Imprisoned New Hampshire tax evader apologizes
PLAINFIELD, N.H. (AP) - A New Hampshire woman sentenced to 35 years in prison for amassing an arsenal of weapons at her fortress-like home and holding U.S. marshals at bay for months after she was convicted for tax evasion has apologized to her hometown.
Elaine Brown, 73, and her husband, Ed, had insisted the federal income tax is unconstitutional. They were convicted again in 2009 of plotting to kill federal agents during a standoff at their Plainfield home.
A letter to the editor from Elaine Brown, dated April 20, appears in the June edition of PlainFacts, a monthly publication written by Plainfield residents.
She wrote that she and her husband were trying to advance the "cause of justice," but "failed to realize the fear, anxiety and impact we were causing" to residents, Plainfield police and town administrators.
"Now, seven years later, I realize the wrong I have done to you all," she wrote. "One cannot do the wrong thing for the right reason; that is not God's way, nor the way of our constitutional republic.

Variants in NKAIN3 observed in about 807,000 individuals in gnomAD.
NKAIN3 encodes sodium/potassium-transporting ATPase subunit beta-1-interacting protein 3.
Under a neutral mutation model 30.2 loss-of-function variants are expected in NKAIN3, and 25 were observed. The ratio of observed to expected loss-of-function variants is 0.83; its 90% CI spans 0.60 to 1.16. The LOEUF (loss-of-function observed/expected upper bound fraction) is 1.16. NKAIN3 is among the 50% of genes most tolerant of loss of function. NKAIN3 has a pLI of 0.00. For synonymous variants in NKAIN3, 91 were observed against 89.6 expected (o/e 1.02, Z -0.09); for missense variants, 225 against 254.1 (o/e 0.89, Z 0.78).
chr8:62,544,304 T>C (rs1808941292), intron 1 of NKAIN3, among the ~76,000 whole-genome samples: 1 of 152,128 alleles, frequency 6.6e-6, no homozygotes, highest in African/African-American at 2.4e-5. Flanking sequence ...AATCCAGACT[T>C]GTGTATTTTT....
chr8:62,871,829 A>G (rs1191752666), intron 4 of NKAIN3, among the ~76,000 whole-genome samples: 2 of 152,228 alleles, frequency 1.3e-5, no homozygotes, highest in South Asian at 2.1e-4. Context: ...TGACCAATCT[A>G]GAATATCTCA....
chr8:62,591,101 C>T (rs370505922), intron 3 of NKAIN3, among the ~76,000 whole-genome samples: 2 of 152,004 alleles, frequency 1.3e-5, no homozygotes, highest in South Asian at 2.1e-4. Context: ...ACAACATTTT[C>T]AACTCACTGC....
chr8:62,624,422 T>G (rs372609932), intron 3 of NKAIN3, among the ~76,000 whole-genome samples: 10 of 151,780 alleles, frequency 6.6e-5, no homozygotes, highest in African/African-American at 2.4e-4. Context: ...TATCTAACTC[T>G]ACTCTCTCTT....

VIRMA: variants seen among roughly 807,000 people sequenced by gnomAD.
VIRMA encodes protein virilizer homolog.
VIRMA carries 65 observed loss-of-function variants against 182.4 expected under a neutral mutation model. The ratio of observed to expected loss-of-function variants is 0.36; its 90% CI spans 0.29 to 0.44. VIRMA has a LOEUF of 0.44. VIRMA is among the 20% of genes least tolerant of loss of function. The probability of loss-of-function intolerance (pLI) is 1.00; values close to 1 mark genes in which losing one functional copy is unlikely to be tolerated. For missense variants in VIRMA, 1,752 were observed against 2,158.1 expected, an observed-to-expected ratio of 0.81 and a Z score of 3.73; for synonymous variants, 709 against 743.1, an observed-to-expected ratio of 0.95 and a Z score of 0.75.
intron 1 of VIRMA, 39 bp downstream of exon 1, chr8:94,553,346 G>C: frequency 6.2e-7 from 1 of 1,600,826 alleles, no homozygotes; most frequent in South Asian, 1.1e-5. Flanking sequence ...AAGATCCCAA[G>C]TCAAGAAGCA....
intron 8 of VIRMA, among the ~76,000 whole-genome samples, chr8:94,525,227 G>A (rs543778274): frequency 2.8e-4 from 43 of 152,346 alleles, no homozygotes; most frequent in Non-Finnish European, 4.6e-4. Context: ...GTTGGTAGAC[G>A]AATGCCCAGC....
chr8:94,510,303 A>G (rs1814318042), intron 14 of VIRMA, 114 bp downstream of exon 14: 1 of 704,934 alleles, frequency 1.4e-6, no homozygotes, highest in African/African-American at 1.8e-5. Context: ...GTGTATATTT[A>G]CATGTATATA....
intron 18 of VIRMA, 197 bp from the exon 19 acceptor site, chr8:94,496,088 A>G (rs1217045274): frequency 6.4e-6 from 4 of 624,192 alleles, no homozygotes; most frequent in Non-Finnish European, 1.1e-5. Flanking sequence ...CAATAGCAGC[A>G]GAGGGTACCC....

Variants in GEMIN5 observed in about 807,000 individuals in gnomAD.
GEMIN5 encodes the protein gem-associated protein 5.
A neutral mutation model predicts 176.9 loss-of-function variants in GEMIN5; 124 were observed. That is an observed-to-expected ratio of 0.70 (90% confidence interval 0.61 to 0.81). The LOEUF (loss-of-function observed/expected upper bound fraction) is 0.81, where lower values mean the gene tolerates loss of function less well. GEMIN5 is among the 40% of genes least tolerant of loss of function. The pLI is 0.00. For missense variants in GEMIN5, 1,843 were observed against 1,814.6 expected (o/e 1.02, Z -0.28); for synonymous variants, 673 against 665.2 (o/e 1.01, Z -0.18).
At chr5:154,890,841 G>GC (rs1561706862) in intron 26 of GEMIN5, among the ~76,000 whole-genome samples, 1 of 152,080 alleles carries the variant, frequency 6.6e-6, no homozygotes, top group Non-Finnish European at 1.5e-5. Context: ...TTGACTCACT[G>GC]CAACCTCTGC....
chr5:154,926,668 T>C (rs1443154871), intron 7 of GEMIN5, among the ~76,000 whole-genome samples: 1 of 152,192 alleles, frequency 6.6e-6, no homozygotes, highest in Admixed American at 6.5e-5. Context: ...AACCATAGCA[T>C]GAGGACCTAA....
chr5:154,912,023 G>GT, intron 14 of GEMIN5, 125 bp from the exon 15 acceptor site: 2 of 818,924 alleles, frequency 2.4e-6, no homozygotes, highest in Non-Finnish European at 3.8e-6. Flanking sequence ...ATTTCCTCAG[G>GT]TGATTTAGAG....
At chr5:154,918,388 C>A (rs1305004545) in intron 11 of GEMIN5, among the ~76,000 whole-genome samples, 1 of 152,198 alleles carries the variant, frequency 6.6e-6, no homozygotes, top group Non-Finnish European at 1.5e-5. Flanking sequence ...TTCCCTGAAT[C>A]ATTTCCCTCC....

"I apologize to you all, and ask for your forgiveness, as I have asked for God's."
The Browns were in a nine-month standoff with authorities after they were sentenced to five years in prison for tax evasion.
While the Browns kept federal marshals at bay, they welcomed a parade of anti-tax and anti-government supporters including Randy Weaver, whose wife and son were killed along with a deputy U.S. marshal in a 1992 shootout on Weaver's property in Ruby Ridge, Idaho. U.S. marshals posing as supporters eventually arrested the Browns peacefully.
Elaine Brown is serving her sentence at a federal women's prison in Aliceville, Alabama, and is scheduled for release in 2042. Ed Brown is serving a 37-year sentence.
One of the editors of PlainFacts, Nancy Norwalk, said the handwritten return address on the envelope has Brown's name and Aliceville.
"We have no reason to doubt that it came from her," she said.
Federal officials are preparing to sell the Browns' home but said they can't guarantee that explosives and other booby traps aren't hidden on the 103-acre spread.
Elaine Brown was a dentist. Her dental office in West Lebanon also is being auctioned.
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